How to Strengthen Your Relationship With Your Children and Teens by Understanding Their Unique Brain Chemistry (by SCCR)

Sometimes young people can get tarred with the same old brush. They’re lazy, loud, don’t listen, or sleep in too late! But one of the main reasons they are different is because…. well that’s just it, they ARE different. Their brain chemistry isn’t like that of babies, toddlers, or adults because their brains and bodies are growing, developing and learning every day.

If we can understand this as parents, it can really help us on our parenting journey. It can also help if we understand ourselves and our own history. Learning how to understand each other can help us have better relationships at home, and, where needed, help us to avoid conflict. 

That’s why the Cyrenains’ Scottish Centre for Conflict Resolution (SCCR) have been working on ways to help everyone understand how our brain works and how what is going on in our mind and body can have a big impact on our relationships.

Their new digital resource – the Emotional Homunculus – helps us understand how our past experiences mould how we act and react to situations, and how all our emotional states (for example, Fight or Flight, Rest and Digest) and the way we act and react come from a selection of powerful chemicals in the Brains Amazing Drugs Cabinet.

The aim is to give parents, young people (and professionals) an understanding of how what’s happening inside us (and what happened in our past!) can dictate how we act and react to situations, particularly when it comes to arguments – and to pass on some Top Tips on how to maintain the best balance between the chemicals in our brain!

The SCCR have developed a brilliant resource at https://scottishconflictresolution.org.uk/homunculus, with a host of information to help understand brain chemistry – important information that can be used to nurture healthy relationships and strong connections with the children and teens in our lives.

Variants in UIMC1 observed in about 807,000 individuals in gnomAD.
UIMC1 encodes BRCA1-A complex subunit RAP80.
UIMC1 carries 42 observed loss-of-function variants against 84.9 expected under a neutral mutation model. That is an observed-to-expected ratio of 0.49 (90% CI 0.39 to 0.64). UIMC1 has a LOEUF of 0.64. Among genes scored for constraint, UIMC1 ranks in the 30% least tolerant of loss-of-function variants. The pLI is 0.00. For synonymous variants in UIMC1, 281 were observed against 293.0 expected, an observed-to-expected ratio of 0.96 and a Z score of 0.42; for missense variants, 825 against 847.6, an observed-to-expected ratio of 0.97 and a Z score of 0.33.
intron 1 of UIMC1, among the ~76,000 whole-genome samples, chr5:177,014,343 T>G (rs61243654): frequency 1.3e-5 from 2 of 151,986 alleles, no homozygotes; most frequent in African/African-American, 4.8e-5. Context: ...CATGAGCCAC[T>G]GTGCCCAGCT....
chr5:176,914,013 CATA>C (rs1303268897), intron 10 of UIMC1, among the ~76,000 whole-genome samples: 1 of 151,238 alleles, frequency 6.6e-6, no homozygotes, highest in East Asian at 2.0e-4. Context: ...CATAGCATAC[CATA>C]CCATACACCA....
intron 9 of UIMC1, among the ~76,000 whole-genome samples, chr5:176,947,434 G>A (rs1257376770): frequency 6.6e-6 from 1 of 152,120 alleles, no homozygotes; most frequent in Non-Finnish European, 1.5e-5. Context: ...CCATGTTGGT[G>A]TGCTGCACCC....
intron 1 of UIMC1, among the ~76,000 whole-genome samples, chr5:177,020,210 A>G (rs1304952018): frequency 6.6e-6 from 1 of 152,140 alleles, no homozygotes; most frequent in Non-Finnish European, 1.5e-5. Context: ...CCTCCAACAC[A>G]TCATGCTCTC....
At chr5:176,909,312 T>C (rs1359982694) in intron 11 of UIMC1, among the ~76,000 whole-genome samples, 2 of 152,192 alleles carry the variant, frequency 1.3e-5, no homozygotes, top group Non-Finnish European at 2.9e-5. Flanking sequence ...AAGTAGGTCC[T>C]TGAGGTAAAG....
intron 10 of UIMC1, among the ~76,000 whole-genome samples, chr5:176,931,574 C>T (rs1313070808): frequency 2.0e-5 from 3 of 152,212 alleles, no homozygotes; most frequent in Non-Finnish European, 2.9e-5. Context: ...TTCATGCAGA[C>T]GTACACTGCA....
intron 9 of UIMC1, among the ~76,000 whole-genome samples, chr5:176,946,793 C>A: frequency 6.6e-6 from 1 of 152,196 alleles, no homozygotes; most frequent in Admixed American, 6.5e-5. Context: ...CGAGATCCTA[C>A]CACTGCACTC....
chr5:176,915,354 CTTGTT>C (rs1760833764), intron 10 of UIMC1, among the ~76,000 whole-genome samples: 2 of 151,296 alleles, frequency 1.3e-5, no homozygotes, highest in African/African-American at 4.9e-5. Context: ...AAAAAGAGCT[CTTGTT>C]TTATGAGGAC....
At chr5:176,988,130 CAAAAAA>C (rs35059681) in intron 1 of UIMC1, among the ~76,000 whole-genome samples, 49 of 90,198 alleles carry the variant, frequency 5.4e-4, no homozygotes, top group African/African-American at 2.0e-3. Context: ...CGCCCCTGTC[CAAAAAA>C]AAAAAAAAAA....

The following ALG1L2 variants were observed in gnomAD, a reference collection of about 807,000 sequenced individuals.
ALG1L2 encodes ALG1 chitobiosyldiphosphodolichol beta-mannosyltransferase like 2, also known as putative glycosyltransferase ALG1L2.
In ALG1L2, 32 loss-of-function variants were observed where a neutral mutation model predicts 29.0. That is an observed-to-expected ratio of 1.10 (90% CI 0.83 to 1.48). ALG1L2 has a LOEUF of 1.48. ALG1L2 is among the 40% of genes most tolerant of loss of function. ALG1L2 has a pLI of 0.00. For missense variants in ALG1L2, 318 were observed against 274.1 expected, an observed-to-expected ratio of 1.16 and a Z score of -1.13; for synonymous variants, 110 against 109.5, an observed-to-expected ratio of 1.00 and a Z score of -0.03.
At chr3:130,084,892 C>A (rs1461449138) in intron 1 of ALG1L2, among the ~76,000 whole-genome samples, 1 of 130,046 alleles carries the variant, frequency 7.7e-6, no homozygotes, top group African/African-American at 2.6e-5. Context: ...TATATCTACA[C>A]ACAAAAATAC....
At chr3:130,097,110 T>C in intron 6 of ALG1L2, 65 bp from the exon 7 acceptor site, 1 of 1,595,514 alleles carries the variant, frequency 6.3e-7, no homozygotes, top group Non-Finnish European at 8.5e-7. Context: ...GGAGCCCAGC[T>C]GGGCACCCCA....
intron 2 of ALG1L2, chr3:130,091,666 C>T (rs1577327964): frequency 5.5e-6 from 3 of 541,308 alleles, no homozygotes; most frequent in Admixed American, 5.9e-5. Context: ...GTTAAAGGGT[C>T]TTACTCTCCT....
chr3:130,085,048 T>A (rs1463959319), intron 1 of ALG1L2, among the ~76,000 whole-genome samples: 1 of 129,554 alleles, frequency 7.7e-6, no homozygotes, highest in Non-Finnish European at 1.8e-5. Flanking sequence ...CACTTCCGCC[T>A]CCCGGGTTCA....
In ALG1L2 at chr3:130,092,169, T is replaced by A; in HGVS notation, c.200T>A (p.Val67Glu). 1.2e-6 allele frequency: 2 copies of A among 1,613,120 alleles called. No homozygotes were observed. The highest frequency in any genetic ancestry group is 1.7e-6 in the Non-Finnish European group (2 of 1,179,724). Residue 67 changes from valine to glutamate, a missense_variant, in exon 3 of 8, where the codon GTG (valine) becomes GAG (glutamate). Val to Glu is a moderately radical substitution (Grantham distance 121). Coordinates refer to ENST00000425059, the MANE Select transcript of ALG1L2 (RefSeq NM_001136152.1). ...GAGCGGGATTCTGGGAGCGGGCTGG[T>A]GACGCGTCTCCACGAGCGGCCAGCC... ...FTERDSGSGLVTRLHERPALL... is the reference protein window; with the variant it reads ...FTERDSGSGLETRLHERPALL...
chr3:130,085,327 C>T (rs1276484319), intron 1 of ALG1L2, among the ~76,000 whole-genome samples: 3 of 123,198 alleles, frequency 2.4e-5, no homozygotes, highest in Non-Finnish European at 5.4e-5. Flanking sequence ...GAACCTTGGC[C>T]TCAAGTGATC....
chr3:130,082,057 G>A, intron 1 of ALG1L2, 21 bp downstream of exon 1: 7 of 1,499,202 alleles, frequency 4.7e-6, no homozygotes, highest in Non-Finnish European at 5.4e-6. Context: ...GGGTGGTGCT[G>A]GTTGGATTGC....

The SCCR have picked out three of the most common drugs below, and shared some of the best top tips on helping both parents and young people keep them in balance to create the most harmonious home-life possible. 

1.  Melatonin (the Brain’s Marvellous Sleep Drug)

Melatonin helps control everyone’s sleeping and waking cycles depending on habit, daylight and seasons. But teenager brains produce Melatonin later in the day (sometimes two hours later than the average child or adult) which means they stay up longer, plus there’s still Melatonin in their blood steams in the morning (hence the desire to sleep in). As we get older Melatonin is released earlier in the evening, which may be why as parents we feel like falling asleep in front of the television. It also explains why adults tend to wake up earlier.

Top Tips
  • As parents consider whether having an argument about sleeping in late when it’s a chemically induced state is worth it – instead maybe think about discussing Melatonin and how your teenagers brain is different to open up ways you can solve the problem together, for example, establishing that good sleep routine, earlier nights before school/exam, or even letting them sleep in on days where there’s no need to get up. 
  • Getting a good night’s sleep is vital for growing teenage bodies and minds – so encouraging teenagers to go to bed and switch off screens at a fixed time each night will help a good sleep routine, improve memory, mood and immune systems.
  • Parents can also do with a good sleep routine, so instead of pushing yourself to get through everything and then falling asleep on the couch, think about a new routine, maybe some gentle stretching, or a bath and a good book. It’ll help your body to rest properly.

2.  Dopamine (the Brain’s Deluxe Joy Drug)

Dopamine creates a feeling of euphoria and heightens our sense of making experiences more pleasurable. It plays a big part in the state of ‘Rest and Digest’.